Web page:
Age Distributions in Continuous Markov Models

 

In another note we considered a generalized form of Markov models in which the transition rate parameters may be functions of the ages of the respective components. This was modeled in discrete time, and each state with n operational components consisted of an n-dimensional lattice space, with suitable aging transitions. In particular, we focused on a system with two components and three macro-states as shown below.

 

 

The transitions with rate parameters l1 and l2 leading back to State 0 result in the renewal of both components, whereas the transitions with rate parameters m1 and m2 represent repairs of just the single failed unit, while the unfailed unit is not renewed.

 

We denote by amn, bn, and cn the probabilities of the microstates in the macrostates 0, 1, and 2 respectively, with the understanding that the subscripts designate the (mean) age of the component(s) in a given microstate, measured in discrete units of the time increment Dt. Although the original motivation for considering these age sub-spaces was to allow for the transition rate parameters to be functions of the ages of the components, we sought to demonstrate the soundness of such models by first considering the special case with all constant transition rate parameters. In terms of the nomenclature defined above, and putting q = 1/ Dt, we found the following steady-state solution

 

 

where

 

We then defined the variables bn = bn/a00 and g0 = c0/a00, and found that

 

 

and for brevity we have put

 

 

and

 

In these terms the value of a00 was found to be given by

 

 

where

 

We now wish to determine the solution in the continuous limit, i.e., as the size of the time increments goes to zero. Thus for any given age t = n Dt we let Dt goes to zero and n go to infinity. The characteristic roots go to

 

 

so equation (1) becomes

 

 

Recalling the limiting identity

 

 

we can express (2) for sufficiently small Dt as

 

 

In the limit as Dt goes to zero the quantities in the square brackets approach unity, so this can be written as

 

 

The other auxiliary parameters approach

 

 

and

 

Inserting these into the expressions for b0 and g0, we get

 

 

Making these substitutions into the expression for a00 (for sufficiently small Dt), and simplifying, we get

 

 

Inserting these values of b0 and a00 into equation (3) and simplifying, we arrive at

 

 

The represents the incremental probability b for an incremental age range, so if we divide through by Dt and convert to differentials, this gives the continuous density distribution for the ages of the components in State 1 of the model (at steady-state)

 

 

To check this, we can integrate this density for component ages ranging from t = 0 to infinity, which gives the total probability

 

 

This is consistent with the steady-state solution presented in the earlier note. By the same analysis we find that the density function for the component ages in State 2 is

 

 

A plot of the age density for State 1 is shown below, based on the example specified in the earlier note, i.e., we have constant failure rate parameters of l1 = (50)10-6 per hour and l2 = (20)10-6 per hour, and repair rate parameters of m1 = 1/100 and m2 = 2/1000.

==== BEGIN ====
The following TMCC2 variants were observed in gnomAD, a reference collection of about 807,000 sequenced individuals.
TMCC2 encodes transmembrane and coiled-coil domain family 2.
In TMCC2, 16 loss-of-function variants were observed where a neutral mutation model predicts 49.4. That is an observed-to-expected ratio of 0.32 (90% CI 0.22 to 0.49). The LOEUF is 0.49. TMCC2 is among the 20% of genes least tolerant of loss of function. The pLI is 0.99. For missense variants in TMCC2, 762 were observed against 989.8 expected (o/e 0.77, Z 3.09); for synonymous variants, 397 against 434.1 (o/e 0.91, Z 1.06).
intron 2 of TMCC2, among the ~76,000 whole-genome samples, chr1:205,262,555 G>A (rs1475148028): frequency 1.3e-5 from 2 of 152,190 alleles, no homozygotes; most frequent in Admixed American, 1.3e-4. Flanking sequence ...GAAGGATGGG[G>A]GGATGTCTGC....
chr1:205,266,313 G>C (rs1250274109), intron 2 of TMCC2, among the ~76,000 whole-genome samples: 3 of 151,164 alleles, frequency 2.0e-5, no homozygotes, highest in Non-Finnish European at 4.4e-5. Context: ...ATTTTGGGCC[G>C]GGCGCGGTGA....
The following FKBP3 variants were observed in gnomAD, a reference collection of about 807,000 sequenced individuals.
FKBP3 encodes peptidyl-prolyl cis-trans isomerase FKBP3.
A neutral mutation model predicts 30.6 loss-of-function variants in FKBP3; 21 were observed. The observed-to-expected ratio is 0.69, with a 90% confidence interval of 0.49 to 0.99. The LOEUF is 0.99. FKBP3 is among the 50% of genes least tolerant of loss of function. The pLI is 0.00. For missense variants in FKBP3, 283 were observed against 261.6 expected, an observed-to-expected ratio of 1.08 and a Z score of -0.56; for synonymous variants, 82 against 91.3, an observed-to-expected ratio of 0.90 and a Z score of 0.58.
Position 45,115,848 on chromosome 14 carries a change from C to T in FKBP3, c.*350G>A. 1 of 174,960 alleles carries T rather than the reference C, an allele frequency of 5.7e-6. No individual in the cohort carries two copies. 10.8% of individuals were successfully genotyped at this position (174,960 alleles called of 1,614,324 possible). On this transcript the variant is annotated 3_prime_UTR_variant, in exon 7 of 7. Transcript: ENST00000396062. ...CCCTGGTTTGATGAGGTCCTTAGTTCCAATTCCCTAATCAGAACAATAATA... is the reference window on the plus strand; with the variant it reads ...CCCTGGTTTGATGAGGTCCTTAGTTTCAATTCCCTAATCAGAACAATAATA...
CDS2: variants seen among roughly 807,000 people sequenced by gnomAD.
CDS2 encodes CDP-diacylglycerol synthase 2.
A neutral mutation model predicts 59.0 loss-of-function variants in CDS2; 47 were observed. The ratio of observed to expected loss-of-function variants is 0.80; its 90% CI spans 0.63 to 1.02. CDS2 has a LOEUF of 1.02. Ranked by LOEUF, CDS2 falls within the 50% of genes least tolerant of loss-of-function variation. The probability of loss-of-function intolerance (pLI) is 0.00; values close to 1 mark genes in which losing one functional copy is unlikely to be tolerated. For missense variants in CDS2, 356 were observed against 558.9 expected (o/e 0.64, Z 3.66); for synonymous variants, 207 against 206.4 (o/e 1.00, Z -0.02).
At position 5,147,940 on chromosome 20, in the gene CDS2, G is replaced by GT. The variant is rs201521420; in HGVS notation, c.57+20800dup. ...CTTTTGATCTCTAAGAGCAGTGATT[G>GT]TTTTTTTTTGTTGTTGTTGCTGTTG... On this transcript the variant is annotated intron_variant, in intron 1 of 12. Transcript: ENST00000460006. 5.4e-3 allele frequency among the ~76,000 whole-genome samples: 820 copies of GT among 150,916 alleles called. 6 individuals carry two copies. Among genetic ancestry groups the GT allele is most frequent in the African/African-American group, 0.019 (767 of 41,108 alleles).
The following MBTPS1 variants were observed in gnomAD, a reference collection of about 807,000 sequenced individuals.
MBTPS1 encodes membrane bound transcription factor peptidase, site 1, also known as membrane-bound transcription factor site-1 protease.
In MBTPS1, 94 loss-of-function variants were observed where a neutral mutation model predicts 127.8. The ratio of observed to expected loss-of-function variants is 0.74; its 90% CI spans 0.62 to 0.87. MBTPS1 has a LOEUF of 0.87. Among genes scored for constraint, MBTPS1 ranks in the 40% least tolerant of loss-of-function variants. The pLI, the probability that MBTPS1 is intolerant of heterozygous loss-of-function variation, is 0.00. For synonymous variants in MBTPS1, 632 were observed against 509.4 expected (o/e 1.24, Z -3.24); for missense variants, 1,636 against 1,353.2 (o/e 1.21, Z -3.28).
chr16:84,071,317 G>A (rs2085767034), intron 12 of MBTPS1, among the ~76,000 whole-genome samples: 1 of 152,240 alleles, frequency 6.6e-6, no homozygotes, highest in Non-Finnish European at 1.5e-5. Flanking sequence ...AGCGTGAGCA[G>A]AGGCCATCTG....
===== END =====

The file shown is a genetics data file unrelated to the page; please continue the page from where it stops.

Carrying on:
The density is zero at t = 0, but increases rapidly to a maximum at about 400 hours, and on the larger scale the density decays approximately exponentially. Notice that, since States 1 and 2 have only a single operational component, they are represented by one-dimensional spaces. In contrast, State 0 has two operational components, so it is represented by a two-dimensional space. From the earlier note we have the relations

 

 

and we also know that consecutive values along any diagonal are reduced by the factor

 

 

Consequently we have

 

 

Replacing k+m with n, and choosing Dt to be arbitrarily small, this leads to

 

 

Hence for arbitrarily small increments we have

 

 

Inserting the previous expression for Db, we get for the result

 

 

where

 

The age density in State 0 with t2 greater than t1 is therefore

 

 

The symmetrical formula applies for the region where t1 is greater than t2. Note that both of these density functions vanish identically on the diagonal t1 = t2.

 

We must now consider the diagonal points in the State 0 space, i.e., the conditions for which t1 equals t2, which signifies that the components are of exactly the same age. It might seem as if this should not contribute any probability in the continuous limit, because the ďareaĒ of the diagonal in the age space is zero. Hence for any finite density it would contribute no probability. However, our expression for a00 above contains only a single factor of† Dt, so the density is infinite at that point, and hence at every point on the diagonal. Itís true that the probability contributed by each of those diagonal points is zero, but when we integrate along the entire diagonal we get a finite contribution. The discrete sum of diagonal terms is

 

 

so, inserting the previous expression for a00, we find that the total probability along the continuous diagonal is